And as you can tell, such an endeavor presents some strange construction details, as shown here by the delivery of pieces of the plane…
An interesting aspect of the construction is the fact that, besides the overall point that they are making good use to all of the materials of the plane, there really is not anything particularly “green” about the design of the house. The only “green” thing about the house is what it is made out of. I only mention that because of the initial intent was to be environmentally friendly. And while yes, re-using a discarded plane is better than, say, trashing it, it is still somewhat odd that the house does not have other “environmentally friendly” aspects to it.
Still, what a cool house!!!
ARCHITECTURE LEGEND: Frank Lloyd Wright used massive amount of college student urine to treat the copper in his buildings at Florida Southern College.
It seems positively strange, but the largest collection of Frank Lloyd Wright architecture in one place is on the campus of the small private Methodist college, Florida Southern College, in Lakeland, Florida (Oak Hill Park in Illinois still has the largest collection of houses designed by Wright, but as you might imagine, a college campus has all of the buildings together, something that would not really be possible anywhere else).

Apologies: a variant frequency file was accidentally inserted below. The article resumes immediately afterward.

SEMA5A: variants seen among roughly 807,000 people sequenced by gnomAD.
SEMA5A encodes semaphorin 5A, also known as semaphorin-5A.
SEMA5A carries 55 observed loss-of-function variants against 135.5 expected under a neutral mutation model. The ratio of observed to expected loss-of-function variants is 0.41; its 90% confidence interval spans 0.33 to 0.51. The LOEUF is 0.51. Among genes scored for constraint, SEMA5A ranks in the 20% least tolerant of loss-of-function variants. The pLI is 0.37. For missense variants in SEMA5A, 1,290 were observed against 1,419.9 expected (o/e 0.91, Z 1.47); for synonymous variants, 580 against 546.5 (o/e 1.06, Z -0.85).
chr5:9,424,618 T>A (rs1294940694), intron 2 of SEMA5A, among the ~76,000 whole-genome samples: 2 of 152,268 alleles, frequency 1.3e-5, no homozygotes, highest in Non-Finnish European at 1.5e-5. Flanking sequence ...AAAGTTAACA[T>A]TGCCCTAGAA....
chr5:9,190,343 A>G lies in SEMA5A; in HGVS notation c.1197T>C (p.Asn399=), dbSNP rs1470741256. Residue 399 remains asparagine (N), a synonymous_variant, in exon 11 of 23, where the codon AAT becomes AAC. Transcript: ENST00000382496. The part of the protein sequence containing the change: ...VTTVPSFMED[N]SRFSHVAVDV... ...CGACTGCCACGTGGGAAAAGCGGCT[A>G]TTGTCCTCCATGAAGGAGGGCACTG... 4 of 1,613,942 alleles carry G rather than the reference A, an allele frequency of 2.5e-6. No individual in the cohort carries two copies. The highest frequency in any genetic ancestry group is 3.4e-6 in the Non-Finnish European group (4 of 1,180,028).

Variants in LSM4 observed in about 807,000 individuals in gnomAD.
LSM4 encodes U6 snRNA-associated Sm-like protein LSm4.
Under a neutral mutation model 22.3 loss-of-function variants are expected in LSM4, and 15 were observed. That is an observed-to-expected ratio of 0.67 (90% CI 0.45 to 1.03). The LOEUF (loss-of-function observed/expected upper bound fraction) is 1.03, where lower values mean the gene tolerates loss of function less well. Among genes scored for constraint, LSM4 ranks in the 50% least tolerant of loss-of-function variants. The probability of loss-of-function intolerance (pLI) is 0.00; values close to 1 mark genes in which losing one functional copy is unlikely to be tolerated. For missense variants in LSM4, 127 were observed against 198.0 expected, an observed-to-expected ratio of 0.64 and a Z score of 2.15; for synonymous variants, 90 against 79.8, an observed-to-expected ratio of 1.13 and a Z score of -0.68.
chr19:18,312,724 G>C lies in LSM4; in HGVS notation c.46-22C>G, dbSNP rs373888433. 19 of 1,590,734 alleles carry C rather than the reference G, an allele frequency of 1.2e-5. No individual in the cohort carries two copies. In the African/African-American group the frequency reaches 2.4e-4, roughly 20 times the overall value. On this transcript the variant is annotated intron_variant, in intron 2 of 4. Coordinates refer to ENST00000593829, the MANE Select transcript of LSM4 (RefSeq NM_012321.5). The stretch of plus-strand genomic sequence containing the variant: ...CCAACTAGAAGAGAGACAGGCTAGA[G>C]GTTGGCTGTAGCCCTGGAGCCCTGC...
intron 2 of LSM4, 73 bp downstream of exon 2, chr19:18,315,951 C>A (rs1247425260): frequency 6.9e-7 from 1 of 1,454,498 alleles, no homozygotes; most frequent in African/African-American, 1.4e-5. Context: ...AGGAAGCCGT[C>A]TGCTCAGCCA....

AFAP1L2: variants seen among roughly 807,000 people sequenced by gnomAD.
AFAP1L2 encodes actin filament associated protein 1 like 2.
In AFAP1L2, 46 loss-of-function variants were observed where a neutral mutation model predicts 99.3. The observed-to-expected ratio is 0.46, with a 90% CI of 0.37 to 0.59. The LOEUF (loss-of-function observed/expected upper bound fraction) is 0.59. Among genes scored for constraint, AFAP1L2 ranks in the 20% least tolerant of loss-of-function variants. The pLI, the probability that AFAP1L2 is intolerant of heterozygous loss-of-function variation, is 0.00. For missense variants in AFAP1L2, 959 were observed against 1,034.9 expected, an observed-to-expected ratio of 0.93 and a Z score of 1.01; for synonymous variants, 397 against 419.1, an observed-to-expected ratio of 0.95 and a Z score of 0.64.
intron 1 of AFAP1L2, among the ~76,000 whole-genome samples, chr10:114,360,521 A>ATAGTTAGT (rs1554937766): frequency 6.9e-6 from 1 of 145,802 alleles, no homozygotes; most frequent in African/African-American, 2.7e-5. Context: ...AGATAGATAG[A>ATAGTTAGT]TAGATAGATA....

The collection of buildings is called “The Child of the Sun” and is listed on the National Register of Historic Places.
Here are a few of the pieces…
The story of HOW the buildings were built is pretty remarkable. Wright was in his 70s, and obviously at the tail end of his career in 1938 when Dr. Ludd M. Spivey, the president of Florida Southern, offered Wright a challenge. He could not afford to pay Wright much, but he would offer him carte blanche in being able to design the “college of the future,” plus Spivey would offer up the entire student population as basically indentured servants to do any work Wright needed done that didn’t need to be done by specialists (when the male students went to war in World War II, the female population picked up the slack).
Wright, who tended to be a bit whimsical like that (especially later in life), agreed.
One of the most amusing stories in the whole deal is how Wright dealt with the aging of the copper he used in the buildings. If you did not know this already, urine reacts with copper to help along the aging process. Wright happened to be a major proponent of using urine to treat copper. So when Spivey said that the students were available to Wright in any way, I don’t think he expected that to include massive contributions of student urine!
And yet, that’s what happened – I suppose you could say that, in a way, there is a piece of all the students of Florida Southern College in their school!
Okay, that’s it for this week!
Feel free (heck, I implore you!) to write in with your suggestions for future installments! My e-mail address is firstname.lastname@example.org